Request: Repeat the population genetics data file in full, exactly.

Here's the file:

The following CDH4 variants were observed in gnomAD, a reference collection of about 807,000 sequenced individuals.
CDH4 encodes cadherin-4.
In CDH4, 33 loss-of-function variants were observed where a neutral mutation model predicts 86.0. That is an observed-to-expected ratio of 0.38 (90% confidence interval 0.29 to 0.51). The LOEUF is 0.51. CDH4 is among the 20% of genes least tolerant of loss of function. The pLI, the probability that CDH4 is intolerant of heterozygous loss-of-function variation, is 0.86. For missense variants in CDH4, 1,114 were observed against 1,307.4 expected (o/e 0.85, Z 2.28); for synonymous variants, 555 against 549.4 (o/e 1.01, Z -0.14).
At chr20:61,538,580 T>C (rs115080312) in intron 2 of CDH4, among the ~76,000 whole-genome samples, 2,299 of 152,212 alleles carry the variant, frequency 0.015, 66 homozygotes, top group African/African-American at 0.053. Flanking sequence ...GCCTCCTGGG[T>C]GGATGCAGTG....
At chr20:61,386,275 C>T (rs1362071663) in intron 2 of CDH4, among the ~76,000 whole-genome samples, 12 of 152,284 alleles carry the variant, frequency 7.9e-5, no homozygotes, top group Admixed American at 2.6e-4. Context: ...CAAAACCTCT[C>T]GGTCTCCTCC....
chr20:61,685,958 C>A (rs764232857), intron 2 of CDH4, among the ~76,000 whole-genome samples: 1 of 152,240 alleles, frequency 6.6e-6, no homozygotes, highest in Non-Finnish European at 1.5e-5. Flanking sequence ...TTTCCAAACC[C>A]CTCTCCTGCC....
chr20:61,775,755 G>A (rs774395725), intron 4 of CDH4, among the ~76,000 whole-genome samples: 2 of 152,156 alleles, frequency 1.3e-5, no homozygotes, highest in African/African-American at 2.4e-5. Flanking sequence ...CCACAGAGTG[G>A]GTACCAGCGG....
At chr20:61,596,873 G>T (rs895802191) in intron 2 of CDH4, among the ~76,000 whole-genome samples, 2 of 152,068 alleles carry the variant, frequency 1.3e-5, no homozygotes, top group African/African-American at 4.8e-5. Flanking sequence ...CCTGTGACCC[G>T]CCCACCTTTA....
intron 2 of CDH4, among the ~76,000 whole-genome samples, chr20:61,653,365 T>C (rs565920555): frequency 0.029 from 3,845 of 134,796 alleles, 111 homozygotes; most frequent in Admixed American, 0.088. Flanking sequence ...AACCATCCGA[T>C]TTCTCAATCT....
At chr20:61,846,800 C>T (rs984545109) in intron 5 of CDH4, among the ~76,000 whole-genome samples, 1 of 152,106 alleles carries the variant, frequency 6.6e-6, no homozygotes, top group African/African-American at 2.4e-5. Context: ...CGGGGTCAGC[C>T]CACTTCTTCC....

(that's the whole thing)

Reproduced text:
The following CDH4 variants were observed in gnomAD, a reference collection of about 807,000 sequenced individuals.
CDH4 encodes cadherin-4.
In CDH4, 33 loss-of-function variants were observed where a neutral mutation model predicts 86.0. That is an observed-to-expected ratio of 0.38 (90% confidence interval 0.29 to 0.51). The LOEUF is 0.51. CDH4 is among the 20% of genes least tolerant of loss of function. The pLI, the probability that CDH4 is intolerant of heterozygous loss-of-function variation, is 0.86. For missense variants in CDH4, 1,114 were observed against 1,307.4 expected (o/e 0.85, Z 2.28); for synonymous variants, 555 against 549.4 (o/e 1.01, Z -0.14).
At chr20:61,538,580 T>C (rs115080312) in intron 2 of CDH4, among the ~76,000 whole-genome samples, 2,299 of 152,212 alleles carry the variant, frequency 0.015, 66 homozygotes, top group African/African-American at 0.053. Flanking sequence ...GCCTCCTGGG[T>C]GGATGCAGTG....
At chr20:61,386,275 C>T (rs1362071663) in intron 2 of CDH4, among the ~76,000 whole-genome samples, 12 of 152,284 alleles carry the variant, frequency 7.9e-5, no homozygotes, top group Admixed American at 2.6e-4. Context: ...CAAAACCTCT[C>T]GGTCTCCTCC....
chr20:61,685,958 C>A (rs764232857), intron 2 of CDH4, among the ~76,000 whole-genome samples: 1 of 152,240 alleles, frequency 6.6e-6, no homozygotes, highest in Non-Finnish European at 1.5e-5. Flanking sequence ...TTTCCAAACC[C>A]CTCTCCTGCC....
chr20:61,775,755 G>A (rs774395725), intron 4 of CDH4, among the ~76,000 whole-genome samples: 2 of 152,156 alleles, frequency 1.3e-5, no homozygotes, highest in African/African-American at 2.4e-5. Flanking sequence ...CCACAGAGTG[G>A]GTACCAGCGG....
At chr20:61,596,873 G>T (rs895802191) in intron 2 of CDH4, among the ~76,000 whole-genome samples, 2 of 152,068 alleles carry the variant, frequency 1.3e-5, no homozygotes, top group African/African-American at 4.8e-5. Flanking sequence ...CCTGTGACCC[G>T]CCCACCTTTA....
intron 2 of CDH4, among the ~76,000 whole-genome samples, chr20:61,653,365 T>C (rs565920555): frequency 0.029 from 3,845 of 134,796 alleles, 111 homozygotes; most frequent in Admixed American, 0.088. Flanking sequence ...AACCATCCGA[T>C]TTCTCAATCT....
At chr20:61,846,800 C>T (rs984545109) in intron 5 of CDH4, among the ~76,000 whole-genome samples, 1 of 152,106 alleles carries the variant, frequency 6.6e-6, no homozygotes, top group African/African-American at 2.4e-5. Context: ...CGGGGTCAGC[C>T]CACTTCTTCC....